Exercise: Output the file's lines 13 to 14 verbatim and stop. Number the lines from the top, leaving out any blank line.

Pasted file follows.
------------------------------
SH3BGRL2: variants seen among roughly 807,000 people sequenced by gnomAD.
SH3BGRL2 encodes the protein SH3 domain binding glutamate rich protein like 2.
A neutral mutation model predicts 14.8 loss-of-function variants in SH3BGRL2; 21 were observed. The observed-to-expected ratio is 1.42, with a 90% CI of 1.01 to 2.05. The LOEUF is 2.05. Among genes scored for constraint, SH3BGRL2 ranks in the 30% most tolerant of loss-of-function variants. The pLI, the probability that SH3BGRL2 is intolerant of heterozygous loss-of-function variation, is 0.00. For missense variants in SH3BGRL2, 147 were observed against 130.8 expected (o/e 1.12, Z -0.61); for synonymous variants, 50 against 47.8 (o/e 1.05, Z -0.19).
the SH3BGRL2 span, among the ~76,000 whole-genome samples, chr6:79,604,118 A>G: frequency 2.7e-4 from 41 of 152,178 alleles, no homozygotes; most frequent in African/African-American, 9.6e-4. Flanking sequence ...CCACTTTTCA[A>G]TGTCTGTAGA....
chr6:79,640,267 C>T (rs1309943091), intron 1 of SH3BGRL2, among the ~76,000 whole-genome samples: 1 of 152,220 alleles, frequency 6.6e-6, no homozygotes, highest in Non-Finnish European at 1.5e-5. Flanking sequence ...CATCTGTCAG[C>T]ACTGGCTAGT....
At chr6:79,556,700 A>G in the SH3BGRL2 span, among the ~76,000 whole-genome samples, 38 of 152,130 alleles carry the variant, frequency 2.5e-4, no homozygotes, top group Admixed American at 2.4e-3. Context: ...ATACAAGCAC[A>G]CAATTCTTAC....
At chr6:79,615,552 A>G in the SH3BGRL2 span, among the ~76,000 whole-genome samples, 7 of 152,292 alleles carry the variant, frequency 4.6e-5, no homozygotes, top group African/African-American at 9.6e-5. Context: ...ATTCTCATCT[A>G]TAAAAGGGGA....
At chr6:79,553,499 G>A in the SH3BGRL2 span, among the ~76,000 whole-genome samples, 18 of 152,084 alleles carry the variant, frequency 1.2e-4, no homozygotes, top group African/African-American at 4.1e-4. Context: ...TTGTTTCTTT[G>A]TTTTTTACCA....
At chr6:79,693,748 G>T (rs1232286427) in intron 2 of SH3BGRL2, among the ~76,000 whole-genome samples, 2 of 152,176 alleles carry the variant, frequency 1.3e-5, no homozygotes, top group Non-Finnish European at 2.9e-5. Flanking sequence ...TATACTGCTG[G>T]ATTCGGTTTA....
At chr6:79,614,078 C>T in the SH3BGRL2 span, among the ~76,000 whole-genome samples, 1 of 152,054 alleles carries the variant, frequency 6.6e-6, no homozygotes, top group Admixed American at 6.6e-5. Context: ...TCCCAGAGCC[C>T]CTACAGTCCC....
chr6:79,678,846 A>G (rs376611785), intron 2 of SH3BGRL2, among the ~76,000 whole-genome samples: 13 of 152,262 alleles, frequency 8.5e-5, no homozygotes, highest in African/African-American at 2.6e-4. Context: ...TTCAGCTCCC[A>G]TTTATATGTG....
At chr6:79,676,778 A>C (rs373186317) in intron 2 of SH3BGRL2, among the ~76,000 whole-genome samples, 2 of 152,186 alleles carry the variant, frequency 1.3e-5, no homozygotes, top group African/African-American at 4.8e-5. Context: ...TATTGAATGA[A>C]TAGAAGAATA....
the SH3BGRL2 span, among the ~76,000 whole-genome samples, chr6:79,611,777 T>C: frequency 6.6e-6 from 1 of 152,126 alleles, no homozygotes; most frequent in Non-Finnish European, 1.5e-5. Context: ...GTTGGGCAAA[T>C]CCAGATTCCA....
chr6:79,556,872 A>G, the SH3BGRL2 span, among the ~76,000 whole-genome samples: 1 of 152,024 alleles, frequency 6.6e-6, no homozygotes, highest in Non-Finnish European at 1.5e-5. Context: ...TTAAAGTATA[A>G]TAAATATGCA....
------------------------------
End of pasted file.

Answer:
the SH3BGRL2 span, among the ~76,000 whole-genome samples, chr6:79,611,777 T>C: frequency 6.6e-6 from 1 of 152,126 alleles, no homozygotes; most frequent in Non-Finnish European, 1.5e-5. Context: ...GTTGGGCAAA[T>C]CCAGATTCCA....
chr6:79,556,872 A>G, the SH3BGRL2 span, among the ~76,000 whole-genome samples: 1 of 152,024 alleles, frequency 6.6e-6, no homozygotes, highest in Non-Finnish European at 1.5e-5. Context: ...TTAAAGTATA[A>G]TAAATATGCA....